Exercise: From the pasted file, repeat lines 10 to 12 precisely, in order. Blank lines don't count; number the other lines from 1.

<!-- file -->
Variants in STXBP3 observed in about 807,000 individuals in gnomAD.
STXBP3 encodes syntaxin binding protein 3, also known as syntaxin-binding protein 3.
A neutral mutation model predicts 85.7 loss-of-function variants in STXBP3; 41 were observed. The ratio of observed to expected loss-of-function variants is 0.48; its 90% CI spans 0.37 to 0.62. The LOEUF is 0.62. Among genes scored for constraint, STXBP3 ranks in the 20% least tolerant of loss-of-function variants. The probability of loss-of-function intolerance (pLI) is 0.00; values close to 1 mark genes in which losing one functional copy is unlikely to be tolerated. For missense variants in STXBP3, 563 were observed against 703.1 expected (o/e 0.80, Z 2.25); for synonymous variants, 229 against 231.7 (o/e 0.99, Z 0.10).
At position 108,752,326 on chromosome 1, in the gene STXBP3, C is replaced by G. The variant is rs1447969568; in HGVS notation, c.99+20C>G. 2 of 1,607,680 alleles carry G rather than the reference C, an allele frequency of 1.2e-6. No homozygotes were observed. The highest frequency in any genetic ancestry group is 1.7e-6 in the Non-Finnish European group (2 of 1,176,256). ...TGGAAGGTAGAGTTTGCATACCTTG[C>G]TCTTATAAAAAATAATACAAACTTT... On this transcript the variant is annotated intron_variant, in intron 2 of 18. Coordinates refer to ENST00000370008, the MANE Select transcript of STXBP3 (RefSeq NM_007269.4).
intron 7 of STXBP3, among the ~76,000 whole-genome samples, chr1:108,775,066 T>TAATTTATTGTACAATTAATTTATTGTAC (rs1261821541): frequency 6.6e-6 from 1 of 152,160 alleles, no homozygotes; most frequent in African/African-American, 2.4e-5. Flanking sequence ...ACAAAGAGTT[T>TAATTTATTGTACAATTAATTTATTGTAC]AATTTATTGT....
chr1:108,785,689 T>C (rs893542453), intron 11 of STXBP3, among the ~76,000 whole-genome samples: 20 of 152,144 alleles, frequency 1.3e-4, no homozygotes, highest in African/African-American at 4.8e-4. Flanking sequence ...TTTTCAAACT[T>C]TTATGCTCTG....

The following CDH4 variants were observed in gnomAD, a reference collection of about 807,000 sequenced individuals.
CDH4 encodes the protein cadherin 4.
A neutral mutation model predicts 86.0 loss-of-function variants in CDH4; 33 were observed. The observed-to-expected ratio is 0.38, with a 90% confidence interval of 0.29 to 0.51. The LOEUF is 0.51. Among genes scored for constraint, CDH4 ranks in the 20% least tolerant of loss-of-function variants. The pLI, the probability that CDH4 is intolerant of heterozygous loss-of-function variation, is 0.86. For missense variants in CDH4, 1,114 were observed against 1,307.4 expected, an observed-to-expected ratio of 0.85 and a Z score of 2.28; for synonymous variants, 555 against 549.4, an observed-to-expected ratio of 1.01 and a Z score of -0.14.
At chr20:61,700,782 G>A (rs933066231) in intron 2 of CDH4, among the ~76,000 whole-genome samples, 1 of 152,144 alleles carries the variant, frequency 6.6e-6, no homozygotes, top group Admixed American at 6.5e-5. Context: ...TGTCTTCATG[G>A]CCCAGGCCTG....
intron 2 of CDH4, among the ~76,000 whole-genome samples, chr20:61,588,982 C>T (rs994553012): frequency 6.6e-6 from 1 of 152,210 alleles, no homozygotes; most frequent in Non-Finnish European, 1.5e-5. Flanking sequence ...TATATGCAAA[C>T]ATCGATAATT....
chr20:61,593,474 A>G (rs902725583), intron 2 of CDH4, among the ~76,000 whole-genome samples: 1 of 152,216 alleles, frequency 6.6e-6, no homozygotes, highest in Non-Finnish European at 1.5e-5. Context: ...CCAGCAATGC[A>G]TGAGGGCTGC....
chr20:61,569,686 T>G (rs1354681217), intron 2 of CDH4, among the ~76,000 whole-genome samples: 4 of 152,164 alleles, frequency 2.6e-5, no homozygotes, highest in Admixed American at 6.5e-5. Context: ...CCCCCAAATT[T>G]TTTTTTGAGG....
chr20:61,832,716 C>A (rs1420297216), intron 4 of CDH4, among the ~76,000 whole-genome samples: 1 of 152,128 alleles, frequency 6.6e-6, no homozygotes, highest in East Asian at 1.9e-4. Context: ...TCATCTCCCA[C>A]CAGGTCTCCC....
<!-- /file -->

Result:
At chr20:61,700,782 G>A (rs933066231) in intron 2 of CDH4, among the ~76,000 whole-genome samples, 1 of 152,144 alleles carries the variant, frequency 6.6e-6, no homozygotes, top group Admixed American at 6.5e-5. Context: ...TGTCTTCATG[G>A]CCCAGGCCTG....
intron 2 of CDH4, among the ~76,000 whole-genome samples, chr20:61,588,982 C>T (rs994553012): frequency 6.6e-6 from 1 of 152,210 alleles, no homozygotes; most frequent in Non-Finnish European, 1.5e-5. Flanking sequence ...TATATGCAAA[C>T]ATCGATAATT....
chr20:61,593,474 A>G (rs902725583), intron 2 of CDH4, among the ~76,000 whole-genome samples: 1 of 152,216 alleles, frequency 6.6e-6, no homozygotes, highest in Non-Finnish European at 1.5e-5. Context: ...CCAGCAATGC[A>G]TGAGGGCTGC....